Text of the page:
SCREECHING TO THE CHOIR: Contrary to popular opinion, I do not consider the act of riding a bicycle to be a religious experience. If it were, the skinny-legged fixie crowd would have declared a jihad on the Spandex set years ago. And the mountain bikers would be persecuting everyone else off the road. The remarkable ecumenical good will among the cycling tribes partially reflects the sheer fun of an activity that’s essentially utilitarian. But the other reason, of course, is the automobile. I’m not here to diss the car; after all, I drive one. But back when God invented the bicycle, Man somehow forgot to allocate space on the road to accommodate the two-wheeled beast. We’ve all been paying the price ever since.
Dog Got Your Tongue?
Poodle Searches for God on Bike Path
Thursday, May 9, 2013
I mention this because we are now in the thrall of CycleMAYnia month, featuring all kinds of events — bike fashion shows, bike proms — designed to trigger the proper Pavlovian response among would-be riders who have yet to get off the fence and onto their bikes on their way to work. The operating premise behind this not-so-hidden social agenda is, “Try it; you’ll like it.” This is infinitely better than the old “Eat your vegetables” message of Bike to Work Week, which has since been supplanted by CycleMAYnia. By enticing people to discover that riding to work is often more simple, convenient, and enjoyable than driving, the hope is that they’ll be moved to do so on their own. I have little doubt this approach has garnered converts. But if you really want people to sit down and eat with you, it’s a good idea to provide them a knife and fork, not to mention a place at the table. The simple fact is a whole lot more people would be willing to ride to work if they thought roads were designed with the safety of cyclists in mind. It’s not just that we’re all fat, stupid, and lazy.
To the extent people actually do cycle to work, it’s in spite of, not because of, the system we’ve created. The numbers bear this out. Few places on the planet are as bike-conducive as Santa Barbara when it comes to weather and terrain. Yet only 3 percent of the workforce — countywide — rides to work. In the city, it’s about twice that. Compared to other communities throughout the state and nation, Santa Barbara positively kicks ass. Even with escalating gas prices and the recession, the number of bicycle commuters in Santa Barbara increased by only one percent over the last 10 years. This paltry increase, however, puts Santa Barbara in the top 25 counties nationwide when it comes to increasing the number of bike commuters. Talk about setting the bar low; that’s like pole vaulting over the New Cuyama Yellow Pages.
At the risk of screeching to the choir, bicycle commuting makes obvious sense when considering public health, traffic congestion, climate change, and air pollution. About 40 percent of all car trips in the United States involve distances of two miles or less; 28 percent are half that. Half the country still works within five miles of their home. Obviously, not all these trips can or will be done by bike. But a whole lot could. The opportunity for improvement is vast. As of 2007, the average Santa Barbara bike commute was about three miles; according to the Air Pollution Control District, every bike trip translated into 5.5 pounds of carbon dioxide — and 67 grams of toxic pollutants — that were kept out of the atmosphere. If you’re alarmed there’s now more carbon dioxide in the atmosphere than at any time in the past 5 million years, the bike affords you the opportunity, however tiny, to push the needle back.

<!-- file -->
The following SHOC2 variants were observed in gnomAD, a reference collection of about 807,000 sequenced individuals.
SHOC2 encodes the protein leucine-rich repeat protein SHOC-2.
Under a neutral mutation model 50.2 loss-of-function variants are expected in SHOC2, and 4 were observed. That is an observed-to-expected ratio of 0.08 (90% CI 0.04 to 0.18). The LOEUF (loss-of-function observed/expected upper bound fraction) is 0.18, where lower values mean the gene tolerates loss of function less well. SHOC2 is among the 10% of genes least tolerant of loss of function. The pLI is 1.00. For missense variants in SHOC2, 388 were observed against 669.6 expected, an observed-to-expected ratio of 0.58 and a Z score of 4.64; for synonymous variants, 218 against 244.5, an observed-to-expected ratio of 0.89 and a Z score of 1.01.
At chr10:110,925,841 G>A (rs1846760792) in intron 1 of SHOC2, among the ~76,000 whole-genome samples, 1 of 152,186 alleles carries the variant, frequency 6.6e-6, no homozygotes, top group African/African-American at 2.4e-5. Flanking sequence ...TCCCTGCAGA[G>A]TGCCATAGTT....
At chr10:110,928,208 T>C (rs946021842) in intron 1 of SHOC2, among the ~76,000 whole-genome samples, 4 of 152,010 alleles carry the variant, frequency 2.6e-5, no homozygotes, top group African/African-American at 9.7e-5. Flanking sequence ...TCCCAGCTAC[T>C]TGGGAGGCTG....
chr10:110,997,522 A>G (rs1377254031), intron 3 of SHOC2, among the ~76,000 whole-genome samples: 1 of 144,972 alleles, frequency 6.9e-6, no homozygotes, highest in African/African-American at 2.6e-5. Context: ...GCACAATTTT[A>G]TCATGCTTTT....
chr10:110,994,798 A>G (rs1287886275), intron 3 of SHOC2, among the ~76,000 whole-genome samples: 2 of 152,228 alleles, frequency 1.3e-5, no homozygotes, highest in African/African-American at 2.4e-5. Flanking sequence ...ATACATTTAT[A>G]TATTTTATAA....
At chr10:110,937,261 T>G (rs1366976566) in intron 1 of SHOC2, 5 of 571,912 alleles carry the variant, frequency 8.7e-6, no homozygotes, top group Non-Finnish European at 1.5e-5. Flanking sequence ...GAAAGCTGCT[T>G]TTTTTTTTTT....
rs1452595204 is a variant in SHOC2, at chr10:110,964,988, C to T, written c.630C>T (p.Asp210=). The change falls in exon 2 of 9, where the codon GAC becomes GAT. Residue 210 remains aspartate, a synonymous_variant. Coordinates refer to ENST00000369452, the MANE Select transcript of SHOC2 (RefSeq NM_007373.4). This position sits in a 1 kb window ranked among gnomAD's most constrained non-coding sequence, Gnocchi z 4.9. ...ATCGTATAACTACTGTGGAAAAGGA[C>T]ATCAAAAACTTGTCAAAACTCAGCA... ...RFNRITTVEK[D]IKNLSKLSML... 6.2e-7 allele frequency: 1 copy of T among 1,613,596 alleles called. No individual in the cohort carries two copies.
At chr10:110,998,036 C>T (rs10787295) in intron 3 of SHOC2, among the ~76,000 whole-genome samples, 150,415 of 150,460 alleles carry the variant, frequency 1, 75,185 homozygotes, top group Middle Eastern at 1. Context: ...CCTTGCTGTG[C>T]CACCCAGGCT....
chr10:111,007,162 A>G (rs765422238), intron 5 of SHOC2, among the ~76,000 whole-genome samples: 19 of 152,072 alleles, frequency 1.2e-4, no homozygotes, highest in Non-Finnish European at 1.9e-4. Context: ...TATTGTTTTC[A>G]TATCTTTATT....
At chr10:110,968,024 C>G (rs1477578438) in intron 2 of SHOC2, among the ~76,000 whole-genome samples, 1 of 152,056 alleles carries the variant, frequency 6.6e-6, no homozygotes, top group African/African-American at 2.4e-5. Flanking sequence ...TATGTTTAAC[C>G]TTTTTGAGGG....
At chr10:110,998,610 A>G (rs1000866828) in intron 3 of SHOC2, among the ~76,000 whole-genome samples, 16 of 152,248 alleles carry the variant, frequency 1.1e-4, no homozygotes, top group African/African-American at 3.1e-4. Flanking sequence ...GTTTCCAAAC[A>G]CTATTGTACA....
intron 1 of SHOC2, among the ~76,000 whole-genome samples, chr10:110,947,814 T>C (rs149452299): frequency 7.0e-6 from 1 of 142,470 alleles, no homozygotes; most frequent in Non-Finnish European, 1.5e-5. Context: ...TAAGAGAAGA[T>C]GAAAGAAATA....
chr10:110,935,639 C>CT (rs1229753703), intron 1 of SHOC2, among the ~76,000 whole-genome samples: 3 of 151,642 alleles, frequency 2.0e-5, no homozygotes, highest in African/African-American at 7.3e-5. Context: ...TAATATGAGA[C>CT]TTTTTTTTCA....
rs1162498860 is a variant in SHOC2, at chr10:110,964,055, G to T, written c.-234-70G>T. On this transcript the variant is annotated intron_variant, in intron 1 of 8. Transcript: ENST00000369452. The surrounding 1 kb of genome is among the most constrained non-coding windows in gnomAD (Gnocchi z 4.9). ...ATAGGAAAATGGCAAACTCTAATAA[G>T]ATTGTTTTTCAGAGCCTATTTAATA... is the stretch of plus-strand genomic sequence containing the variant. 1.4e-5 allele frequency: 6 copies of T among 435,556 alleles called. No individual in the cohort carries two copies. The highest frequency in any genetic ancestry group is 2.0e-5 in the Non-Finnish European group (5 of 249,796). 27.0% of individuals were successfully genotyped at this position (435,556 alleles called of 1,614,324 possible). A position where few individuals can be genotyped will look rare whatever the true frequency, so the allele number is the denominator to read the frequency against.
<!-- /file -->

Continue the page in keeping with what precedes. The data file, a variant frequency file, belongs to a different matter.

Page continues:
Countries like the Netherlands, Denmark, and Germany — where gas is admittedly a lot more expensive — figured this out a long time ago. There, everybody rides, not just young single men with delusions of immortality if not outright godhood, as in the United States. Women ride. Kids ride. Old people ride. And in mass numbers. This didn’t just happen by accident. And back in the ’70s, it didn’t happen at all. Then, roads in these countries were designed for, by, and of the automobile. As a result of public policy and political will, changes were made, space carved out, and roads redesigned with bikes in mind. The punch line of the European experience is that if you build bike lanes, they, in fact, will come. In that vein, I was thrilled to hear City Hall plans to stripe a new bike lane down Haley Street — from Chapala Street to Alisos Street. But most cyclists need more than a stripe of paint to feel safe, particularly where traffic moves faster than 30 miles an hour. Safety, it turns out, is more than a state of mind; it’s a function of design. That’s why the bike riders in the United States are six times more likely than their European counterparts to get killed in a collision with a car. That’s why Santa Barbara ranks third of California’s 58 counties in car-bike collisions. In Europe, they build “green lanes” — with distinctly colored concrete — set aside from the flow of cars by bollards or other barriers. In Santa Barbara, traffic engineers have been forced to take advantage of exceedingly limited opportunities, often with predictably limited results. The Mission Street bike lane was a wonderful example of opportunistic planning ingenuity. But it lasts only a few blocks. When it’s over, riders then find themselves dumped out onto a road so skinny, so chewed up, and so busy that they jump the curb and take to the sidewalks out of self-preservation.
Bicycling may be one of life’s simple joys, but clearly, it should not be confused for a religious experience. Much of this theological confusion could be quickly cleared up, however, if cyclists weren’t forced to worry so much about meeting their maker every time they took to the road.